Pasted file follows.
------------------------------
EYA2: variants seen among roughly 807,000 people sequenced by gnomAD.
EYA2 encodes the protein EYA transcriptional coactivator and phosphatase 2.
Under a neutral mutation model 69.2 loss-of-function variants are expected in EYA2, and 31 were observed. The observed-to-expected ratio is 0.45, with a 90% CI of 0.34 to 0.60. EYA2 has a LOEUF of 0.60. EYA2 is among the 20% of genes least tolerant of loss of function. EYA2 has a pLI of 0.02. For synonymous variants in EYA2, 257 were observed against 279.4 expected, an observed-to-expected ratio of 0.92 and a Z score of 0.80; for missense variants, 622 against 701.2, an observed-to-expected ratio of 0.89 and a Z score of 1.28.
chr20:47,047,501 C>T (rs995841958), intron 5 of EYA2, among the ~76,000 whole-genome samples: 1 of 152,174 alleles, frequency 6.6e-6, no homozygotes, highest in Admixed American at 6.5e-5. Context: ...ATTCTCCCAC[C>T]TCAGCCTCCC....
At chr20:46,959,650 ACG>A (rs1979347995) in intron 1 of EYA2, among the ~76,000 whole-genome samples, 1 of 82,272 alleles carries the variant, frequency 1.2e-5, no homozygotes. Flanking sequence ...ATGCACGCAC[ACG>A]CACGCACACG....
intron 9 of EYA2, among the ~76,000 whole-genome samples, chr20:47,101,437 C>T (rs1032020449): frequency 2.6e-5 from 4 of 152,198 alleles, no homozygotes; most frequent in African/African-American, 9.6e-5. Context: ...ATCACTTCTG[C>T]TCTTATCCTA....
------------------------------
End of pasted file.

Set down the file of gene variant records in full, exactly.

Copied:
EYA2: variants seen among roughly 807,000 people sequenced by gnomAD.
EYA2 encodes the protein EYA transcriptional coactivator and phosphatase 2.
Under a neutral mutation model 69.2 loss-of-function variants are expected in EYA2, and 31 were observed. The observed-to-expected ratio is 0.45, with a 90% CI of 0.34 to 0.60. EYA2 has a LOEUF of 0.60. EYA2 is among the 20% of genes least tolerant of loss of function. EYA2 has a pLI of 0.02. For synonymous variants in EYA2, 257 were observed against 279.4 expected, an observed-to-expected ratio of 0.92 and a Z score of 0.80; for missense variants, 622 against 701.2, an observed-to-expected ratio of 0.89 and a Z score of 1.28.
chr20:47,047,501 C>T (rs995841958), intron 5 of EYA2, among the ~76,000 whole-genome samples: 1 of 152,174 alleles, frequency 6.6e-6, no homozygotes, highest in Admixed American at 6.5e-5. Context: ...ATTCTCCCAC[C>T]TCAGCCTCCC....
At chr20:46,959,650 ACG>A (rs1979347995) in intron 1 of EYA2, among the ~76,000 whole-genome samples, 1 of 82,272 alleles carries the variant, frequency 1.2e-5, no homozygotes. Flanking sequence ...ATGCACGCAC[ACG>A]CACGCACACG....
intron 9 of EYA2, among the ~76,000 whole-genome samples, chr20:47,101,437 C>T (rs1032020449): frequency 2.6e-5 from 4 of 152,198 alleles, no homozygotes; most frequent in African/African-American, 9.6e-5. Context: ...ATCACTTCTG[C>T]TCTTATCCTA....